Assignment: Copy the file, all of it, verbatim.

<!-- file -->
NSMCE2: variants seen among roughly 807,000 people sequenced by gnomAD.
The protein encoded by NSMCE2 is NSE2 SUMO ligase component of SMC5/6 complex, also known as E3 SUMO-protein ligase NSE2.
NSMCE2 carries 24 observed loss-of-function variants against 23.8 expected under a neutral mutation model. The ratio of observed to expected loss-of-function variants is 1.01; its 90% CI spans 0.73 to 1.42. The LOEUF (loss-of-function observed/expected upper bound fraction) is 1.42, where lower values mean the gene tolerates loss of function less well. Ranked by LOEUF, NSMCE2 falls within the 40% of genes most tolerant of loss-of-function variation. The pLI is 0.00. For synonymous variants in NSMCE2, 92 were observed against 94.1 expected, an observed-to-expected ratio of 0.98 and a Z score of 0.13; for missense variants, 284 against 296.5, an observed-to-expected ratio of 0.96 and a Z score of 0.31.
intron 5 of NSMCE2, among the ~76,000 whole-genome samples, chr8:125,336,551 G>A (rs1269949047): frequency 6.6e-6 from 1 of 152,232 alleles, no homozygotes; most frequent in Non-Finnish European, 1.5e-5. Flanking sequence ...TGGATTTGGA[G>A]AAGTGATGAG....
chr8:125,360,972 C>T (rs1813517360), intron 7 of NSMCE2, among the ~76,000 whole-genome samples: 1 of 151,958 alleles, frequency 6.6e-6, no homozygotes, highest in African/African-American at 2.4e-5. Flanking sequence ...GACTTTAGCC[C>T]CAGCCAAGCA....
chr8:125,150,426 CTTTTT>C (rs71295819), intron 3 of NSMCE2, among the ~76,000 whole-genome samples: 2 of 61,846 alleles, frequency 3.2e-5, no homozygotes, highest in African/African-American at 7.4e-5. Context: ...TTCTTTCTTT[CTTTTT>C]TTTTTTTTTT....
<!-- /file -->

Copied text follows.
NSMCE2: variants seen among roughly 807,000 people sequenced by gnomAD.
The protein encoded by NSMCE2 is NSE2 SUMO ligase component of SMC5/6 complex, also known as E3 SUMO-protein ligase NSE2.
NSMCE2 carries 24 observed loss-of-function variants against 23.8 expected under a neutral mutation model. The ratio of observed to expected loss-of-function variants is 1.01; its 90% CI spans 0.73 to 1.42. The LOEUF (loss-of-function observed/expected upper bound fraction) is 1.42, where lower values mean the gene tolerates loss of function less well. Ranked by LOEUF, NSMCE2 falls within the 40% of genes most tolerant of loss-of-function variation. The pLI is 0.00. For synonymous variants in NSMCE2, 92 were observed against 94.1 expected, an observed-to-expected ratio of 0.98 and a Z score of 0.13; for missense variants, 284 against 296.5, an observed-to-expected ratio of 0.96 and a Z score of 0.31.
intron 5 of NSMCE2, among the ~76,000 whole-genome samples, chr8:125,336,551 G>A (rs1269949047): frequency 6.6e-6 from 1 of 152,232 alleles, no homozygotes; most frequent in Non-Finnish European, 1.5e-5. Flanking sequence ...TGGATTTGGA[G>A]AAGTGATGAG....
chr8:125,360,972 C>T (rs1813517360), intron 7 of NSMCE2, among the ~76,000 whole-genome samples: 1 of 151,958 alleles, frequency 6.6e-6, no homozygotes, highest in African/African-American at 2.4e-5. Flanking sequence ...GACTTTAGCC[C>T]CAGCCAAGCA....
chr8:125,150,426 CTTTTT>C (rs71295819), intron 3 of NSMCE2, among the ~76,000 whole-genome samples: 2 of 61,846 alleles, frequency 3.2e-5, no homozygotes, highest in African/African-American at 7.4e-5. Context: ...TTCTTTCTTT[CTTTTT>C]TTTTTTTTTT....